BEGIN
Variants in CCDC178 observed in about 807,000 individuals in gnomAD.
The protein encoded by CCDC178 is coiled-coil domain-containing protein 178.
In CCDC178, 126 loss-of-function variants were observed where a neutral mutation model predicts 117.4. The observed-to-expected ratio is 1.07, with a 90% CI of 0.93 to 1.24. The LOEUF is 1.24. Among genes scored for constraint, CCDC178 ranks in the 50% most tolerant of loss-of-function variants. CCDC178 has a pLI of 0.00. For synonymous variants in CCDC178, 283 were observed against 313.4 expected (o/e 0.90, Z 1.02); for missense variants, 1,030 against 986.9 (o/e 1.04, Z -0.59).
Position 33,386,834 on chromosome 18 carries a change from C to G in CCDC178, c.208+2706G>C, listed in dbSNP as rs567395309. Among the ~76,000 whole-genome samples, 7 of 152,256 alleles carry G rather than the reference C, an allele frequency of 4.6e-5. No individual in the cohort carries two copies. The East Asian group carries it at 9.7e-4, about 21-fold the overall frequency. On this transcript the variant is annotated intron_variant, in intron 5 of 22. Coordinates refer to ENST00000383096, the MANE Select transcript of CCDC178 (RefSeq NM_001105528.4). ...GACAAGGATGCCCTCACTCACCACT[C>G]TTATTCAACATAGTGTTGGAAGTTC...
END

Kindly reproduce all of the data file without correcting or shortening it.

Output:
Variants in CCDC178 observed in about 807,000 individuals in gnomAD.
The protein encoded by CCDC178 is coiled-coil domain-containing protein 178.
In CCDC178, 126 loss-of-function variants were observed where a neutral mutation model predicts 117.4. The observed-to-expected ratio is 1.07, with a 90% CI of 0.93 to 1.24. The LOEUF is 1.24. Among genes scored for constraint, CCDC178 ranks in the 50% most tolerant of loss-of-function variants. CCDC178 has a pLI of 0.00. For synonymous variants in CCDC178, 283 were observed against 313.4 expected (o/e 0.90, Z 1.02); for missense variants, 1,030 against 986.9 (o/e 1.04, Z -0.59).
Position 33,386,834 on chromosome 18 carries a change from C to G in CCDC178, c.208+2706G>C, listed in dbSNP as rs567395309. Among the ~76,000 whole-genome samples, 7 of 152,256 alleles carry G rather than the reference C, an allele frequency of 4.6e-5. No individual in the cohort carries two copies. The East Asian group carries it at 9.7e-4, about 21-fold the overall frequency. On this transcript the variant is annotated intron_variant, in intron 5 of 22. Coordinates refer to ENST00000383096, the MANE Select transcript of CCDC178 (RefSeq NM_001105528.4). ...GACAAGGATGCCCTCACTCACCACT[C>G]TTATTCAACATAGTGTTGGAAGTTC...